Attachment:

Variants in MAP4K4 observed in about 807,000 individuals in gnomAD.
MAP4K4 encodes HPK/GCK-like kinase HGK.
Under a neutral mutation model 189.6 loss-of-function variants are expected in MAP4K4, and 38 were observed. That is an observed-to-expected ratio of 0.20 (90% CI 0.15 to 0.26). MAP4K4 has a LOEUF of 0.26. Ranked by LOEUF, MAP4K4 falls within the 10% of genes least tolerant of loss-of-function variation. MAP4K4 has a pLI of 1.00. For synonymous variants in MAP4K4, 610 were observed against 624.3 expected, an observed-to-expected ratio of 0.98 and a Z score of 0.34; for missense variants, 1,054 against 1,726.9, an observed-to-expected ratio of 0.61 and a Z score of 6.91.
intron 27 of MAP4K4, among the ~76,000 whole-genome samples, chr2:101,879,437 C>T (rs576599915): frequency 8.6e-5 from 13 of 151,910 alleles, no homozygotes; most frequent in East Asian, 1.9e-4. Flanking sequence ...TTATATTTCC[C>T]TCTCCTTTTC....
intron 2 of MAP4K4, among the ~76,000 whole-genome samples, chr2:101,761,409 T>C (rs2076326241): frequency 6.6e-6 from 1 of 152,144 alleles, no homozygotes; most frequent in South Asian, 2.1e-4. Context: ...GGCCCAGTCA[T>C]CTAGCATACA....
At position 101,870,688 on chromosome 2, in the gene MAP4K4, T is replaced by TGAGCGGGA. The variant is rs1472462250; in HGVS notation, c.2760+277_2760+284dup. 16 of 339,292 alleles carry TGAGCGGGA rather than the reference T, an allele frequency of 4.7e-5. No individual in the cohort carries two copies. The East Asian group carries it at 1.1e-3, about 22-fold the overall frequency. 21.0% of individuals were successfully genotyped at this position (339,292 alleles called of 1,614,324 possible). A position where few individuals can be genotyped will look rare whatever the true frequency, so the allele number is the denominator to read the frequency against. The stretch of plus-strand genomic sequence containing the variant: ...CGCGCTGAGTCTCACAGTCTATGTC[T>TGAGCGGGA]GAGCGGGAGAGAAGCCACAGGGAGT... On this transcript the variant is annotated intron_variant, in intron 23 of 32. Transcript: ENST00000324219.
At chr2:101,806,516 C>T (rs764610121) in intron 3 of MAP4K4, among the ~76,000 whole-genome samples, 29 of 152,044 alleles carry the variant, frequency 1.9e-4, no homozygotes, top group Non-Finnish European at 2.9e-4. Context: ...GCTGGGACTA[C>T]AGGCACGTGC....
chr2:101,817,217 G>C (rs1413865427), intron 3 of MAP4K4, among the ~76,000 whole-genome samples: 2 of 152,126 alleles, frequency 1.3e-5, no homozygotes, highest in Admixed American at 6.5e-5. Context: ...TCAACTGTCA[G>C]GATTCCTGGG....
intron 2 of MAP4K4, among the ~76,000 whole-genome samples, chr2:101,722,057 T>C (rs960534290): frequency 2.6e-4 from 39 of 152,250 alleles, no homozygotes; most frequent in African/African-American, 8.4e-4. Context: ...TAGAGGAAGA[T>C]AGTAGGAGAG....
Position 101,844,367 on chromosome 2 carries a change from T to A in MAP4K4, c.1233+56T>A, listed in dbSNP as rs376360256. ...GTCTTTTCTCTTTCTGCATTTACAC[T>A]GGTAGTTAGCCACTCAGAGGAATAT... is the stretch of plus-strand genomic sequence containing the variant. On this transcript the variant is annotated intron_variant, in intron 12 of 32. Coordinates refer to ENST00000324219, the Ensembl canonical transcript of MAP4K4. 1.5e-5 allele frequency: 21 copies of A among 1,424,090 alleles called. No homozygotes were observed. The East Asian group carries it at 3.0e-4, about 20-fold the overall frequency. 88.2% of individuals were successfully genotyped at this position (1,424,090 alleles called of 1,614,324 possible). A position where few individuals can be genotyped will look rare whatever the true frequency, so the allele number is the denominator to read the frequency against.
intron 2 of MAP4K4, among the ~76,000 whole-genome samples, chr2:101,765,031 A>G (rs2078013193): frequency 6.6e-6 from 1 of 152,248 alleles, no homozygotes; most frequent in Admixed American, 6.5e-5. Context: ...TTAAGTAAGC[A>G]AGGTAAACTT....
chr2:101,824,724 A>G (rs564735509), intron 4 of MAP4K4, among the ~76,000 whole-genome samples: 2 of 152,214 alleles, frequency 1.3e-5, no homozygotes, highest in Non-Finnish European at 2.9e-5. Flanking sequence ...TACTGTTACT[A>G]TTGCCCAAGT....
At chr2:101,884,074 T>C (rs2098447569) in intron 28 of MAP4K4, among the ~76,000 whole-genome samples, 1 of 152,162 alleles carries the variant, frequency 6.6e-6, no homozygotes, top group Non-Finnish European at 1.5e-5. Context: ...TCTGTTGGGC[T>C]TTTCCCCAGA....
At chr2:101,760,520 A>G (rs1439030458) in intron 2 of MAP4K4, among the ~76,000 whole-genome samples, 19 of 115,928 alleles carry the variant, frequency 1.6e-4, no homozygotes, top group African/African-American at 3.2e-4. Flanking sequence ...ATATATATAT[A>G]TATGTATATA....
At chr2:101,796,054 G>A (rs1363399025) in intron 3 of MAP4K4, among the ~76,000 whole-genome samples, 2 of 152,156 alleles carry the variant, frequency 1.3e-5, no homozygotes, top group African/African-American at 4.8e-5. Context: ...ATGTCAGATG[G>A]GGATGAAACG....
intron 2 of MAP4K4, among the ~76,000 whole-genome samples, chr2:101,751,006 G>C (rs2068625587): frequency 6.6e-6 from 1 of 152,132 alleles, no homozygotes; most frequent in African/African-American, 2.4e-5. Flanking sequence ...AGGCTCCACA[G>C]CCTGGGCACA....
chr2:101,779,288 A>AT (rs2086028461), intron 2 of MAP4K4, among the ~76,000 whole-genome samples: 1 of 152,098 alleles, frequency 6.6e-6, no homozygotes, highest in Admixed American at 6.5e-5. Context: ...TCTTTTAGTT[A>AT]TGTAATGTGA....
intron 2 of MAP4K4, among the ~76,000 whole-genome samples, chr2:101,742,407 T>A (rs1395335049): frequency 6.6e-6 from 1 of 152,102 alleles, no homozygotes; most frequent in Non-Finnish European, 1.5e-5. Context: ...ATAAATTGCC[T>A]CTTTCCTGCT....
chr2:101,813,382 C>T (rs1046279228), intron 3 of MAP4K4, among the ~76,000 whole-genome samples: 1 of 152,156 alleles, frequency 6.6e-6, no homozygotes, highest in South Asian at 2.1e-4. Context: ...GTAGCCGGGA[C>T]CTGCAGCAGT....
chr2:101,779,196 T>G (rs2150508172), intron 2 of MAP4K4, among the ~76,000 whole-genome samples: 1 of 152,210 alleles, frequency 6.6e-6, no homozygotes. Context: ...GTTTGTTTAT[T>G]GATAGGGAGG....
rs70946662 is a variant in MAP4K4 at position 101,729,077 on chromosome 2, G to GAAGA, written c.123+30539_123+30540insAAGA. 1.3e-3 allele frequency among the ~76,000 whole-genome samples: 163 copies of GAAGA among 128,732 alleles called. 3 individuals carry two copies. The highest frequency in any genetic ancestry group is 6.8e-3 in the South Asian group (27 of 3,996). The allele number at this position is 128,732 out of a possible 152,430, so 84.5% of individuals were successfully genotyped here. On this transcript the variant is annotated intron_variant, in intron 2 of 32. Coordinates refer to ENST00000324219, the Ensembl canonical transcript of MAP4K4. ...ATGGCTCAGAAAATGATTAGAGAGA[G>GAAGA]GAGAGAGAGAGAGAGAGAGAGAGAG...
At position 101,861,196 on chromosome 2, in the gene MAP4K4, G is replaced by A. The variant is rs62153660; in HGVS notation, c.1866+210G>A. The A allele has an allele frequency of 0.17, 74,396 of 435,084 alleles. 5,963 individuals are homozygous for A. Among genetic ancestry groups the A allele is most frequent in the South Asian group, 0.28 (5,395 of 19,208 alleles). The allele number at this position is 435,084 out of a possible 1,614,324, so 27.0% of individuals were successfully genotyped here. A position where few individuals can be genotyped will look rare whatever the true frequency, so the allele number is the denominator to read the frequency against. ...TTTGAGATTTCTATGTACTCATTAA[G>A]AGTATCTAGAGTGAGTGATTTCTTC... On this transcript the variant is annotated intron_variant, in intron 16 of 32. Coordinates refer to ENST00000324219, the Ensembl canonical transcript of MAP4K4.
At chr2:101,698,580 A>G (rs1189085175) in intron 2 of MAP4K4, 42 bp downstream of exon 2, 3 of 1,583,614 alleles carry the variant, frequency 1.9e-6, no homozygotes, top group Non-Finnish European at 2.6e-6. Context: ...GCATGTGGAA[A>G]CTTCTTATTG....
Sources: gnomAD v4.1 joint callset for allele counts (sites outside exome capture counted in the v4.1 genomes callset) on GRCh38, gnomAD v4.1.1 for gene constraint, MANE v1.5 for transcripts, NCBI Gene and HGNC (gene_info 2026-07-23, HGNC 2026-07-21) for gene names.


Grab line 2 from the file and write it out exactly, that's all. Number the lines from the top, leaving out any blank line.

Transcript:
MAP4K4 encodes HPK/GCK-like kinase HGK.